Staunton, November 4 – Many Russian commentators and Western experts assume that the Internet will gradually replace television as the primary source of news and information in Russia, but they fail to recognize, Vadim Shtepa says, that the biggest obstacle to that happening is the very diversity of views available online.
By habit, Russians want a single and authoritative source of news and information and consequently they turn to state-controlled television to get it, even when they have access to the Internet and can go online whenever they want (rus.delfi.ee/projects/opinion/rossijskoe-televidenie-sredstvo-informacii-ili-instrument-propagandy?id=76139465).
That may change over time, the Russian regionalist now living in Estonian exile suggests; but those who assume that the Internet’s diversity gives it an advantage over Russian state television with its single point of view are almost certainly making a mistake when it comes to the Russian information market place.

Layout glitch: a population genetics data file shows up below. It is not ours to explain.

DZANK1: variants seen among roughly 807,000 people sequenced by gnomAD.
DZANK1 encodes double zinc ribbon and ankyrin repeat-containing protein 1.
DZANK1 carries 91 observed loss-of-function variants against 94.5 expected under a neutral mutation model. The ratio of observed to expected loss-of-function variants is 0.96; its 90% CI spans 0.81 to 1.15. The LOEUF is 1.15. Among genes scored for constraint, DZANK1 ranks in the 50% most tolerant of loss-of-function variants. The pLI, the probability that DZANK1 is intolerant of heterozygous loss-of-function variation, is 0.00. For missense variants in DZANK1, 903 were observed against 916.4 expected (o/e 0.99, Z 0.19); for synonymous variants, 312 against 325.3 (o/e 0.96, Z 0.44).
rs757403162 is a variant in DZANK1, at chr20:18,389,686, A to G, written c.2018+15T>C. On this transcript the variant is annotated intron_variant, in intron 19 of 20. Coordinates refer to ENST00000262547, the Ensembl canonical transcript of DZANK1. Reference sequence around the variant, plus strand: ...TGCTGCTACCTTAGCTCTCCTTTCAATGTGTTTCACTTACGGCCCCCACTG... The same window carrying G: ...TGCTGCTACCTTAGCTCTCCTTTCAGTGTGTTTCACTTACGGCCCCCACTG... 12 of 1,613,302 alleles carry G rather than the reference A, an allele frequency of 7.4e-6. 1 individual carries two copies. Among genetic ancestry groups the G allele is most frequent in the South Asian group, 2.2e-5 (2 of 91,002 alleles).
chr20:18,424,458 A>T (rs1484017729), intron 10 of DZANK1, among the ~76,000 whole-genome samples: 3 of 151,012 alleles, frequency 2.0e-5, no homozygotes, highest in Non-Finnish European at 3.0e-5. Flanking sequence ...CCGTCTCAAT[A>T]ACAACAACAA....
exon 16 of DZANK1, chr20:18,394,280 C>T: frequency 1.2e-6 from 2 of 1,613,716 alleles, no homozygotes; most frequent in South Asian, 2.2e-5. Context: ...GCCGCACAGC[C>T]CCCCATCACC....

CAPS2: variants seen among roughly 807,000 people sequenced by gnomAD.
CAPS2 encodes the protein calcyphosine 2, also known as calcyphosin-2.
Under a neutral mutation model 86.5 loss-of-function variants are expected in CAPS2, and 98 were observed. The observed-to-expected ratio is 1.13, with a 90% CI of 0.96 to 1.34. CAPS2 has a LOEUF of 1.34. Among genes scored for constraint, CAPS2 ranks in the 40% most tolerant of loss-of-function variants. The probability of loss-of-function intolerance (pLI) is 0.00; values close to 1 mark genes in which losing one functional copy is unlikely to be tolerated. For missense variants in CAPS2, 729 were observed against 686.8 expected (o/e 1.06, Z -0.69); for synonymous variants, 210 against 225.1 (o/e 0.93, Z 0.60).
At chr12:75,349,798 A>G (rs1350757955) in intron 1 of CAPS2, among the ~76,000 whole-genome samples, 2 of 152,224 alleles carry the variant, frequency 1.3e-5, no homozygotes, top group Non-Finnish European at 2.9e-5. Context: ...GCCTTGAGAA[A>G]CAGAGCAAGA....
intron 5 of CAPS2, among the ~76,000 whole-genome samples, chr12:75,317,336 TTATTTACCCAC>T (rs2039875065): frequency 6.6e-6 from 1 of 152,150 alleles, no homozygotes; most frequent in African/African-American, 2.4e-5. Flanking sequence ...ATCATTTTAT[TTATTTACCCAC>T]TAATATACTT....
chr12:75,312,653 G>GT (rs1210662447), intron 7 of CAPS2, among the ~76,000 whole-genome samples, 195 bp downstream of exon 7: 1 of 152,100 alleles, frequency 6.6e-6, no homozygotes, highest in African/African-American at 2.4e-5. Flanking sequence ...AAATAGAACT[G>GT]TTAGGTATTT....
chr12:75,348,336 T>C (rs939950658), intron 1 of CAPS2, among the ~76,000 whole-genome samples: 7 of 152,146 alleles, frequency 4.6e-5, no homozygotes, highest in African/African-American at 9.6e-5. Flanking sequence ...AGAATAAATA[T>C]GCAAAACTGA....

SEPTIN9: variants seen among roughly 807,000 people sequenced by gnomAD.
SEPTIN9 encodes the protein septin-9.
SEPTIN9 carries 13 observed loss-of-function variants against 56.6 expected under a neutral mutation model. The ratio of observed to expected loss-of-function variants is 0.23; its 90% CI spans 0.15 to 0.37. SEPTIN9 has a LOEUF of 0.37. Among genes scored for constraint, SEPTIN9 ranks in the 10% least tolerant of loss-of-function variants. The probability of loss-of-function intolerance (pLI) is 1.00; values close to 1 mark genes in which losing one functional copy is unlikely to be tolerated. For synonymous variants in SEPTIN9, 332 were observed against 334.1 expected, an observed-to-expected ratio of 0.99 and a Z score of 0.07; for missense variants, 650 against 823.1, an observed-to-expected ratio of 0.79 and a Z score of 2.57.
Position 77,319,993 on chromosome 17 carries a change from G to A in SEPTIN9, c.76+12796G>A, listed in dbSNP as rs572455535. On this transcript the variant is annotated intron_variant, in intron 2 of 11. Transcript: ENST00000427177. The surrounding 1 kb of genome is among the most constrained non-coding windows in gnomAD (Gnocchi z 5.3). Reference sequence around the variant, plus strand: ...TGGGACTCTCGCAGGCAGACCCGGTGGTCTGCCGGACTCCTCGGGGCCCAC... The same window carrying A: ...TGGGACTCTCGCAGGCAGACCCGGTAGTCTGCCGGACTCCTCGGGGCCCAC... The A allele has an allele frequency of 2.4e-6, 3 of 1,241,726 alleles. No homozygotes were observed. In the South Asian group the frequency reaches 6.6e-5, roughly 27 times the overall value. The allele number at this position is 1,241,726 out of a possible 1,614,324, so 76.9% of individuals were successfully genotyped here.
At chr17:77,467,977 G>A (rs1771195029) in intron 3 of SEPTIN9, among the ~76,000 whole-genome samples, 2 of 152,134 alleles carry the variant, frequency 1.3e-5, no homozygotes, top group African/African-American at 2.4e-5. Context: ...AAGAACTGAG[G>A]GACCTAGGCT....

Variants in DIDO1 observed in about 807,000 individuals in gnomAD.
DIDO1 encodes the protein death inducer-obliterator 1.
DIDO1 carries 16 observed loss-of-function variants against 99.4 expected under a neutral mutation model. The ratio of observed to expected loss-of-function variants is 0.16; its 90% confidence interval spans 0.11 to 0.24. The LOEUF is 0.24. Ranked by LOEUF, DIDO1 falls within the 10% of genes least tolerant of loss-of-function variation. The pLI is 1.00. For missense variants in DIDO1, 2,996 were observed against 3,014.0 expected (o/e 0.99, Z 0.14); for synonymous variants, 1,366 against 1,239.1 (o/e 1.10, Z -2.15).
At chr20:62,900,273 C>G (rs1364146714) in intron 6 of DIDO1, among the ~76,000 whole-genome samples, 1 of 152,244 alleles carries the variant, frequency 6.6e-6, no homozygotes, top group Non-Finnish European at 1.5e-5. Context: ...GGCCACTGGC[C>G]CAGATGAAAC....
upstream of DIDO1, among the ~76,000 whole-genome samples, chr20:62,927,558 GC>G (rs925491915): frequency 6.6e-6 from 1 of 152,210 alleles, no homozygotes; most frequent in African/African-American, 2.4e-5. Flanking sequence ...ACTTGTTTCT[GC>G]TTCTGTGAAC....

Shtepa’s insight comes in the course of his discussion as to whether Estonia or other countries that Moscow has directed its propaganda-laden television at should ban it outright, limit its access to the airwaves when possible, or create an alternative television platform to attract Russian speakers away from Moscow’s mouthpieces.
Any such moves are invariably denounced by Moscow as “’a struggle against freedom of speech,’” Shtepa says. But as he points out, many researchers have concluded that “Russian television today has little relationship to freedom of information. It is itself a qualitatively different phenomenon – an instrument of propaganda” which delivers the Kremlin line.
Consequently, European countries are justified in taking steps to limit or even block Kremlin television propaganda or to come up with alternative means. That won’t be easy; but for those Russian speakers who want a single authoritative line, it will be especially difficult to do so – and the Internet isn’t the panacea many expect.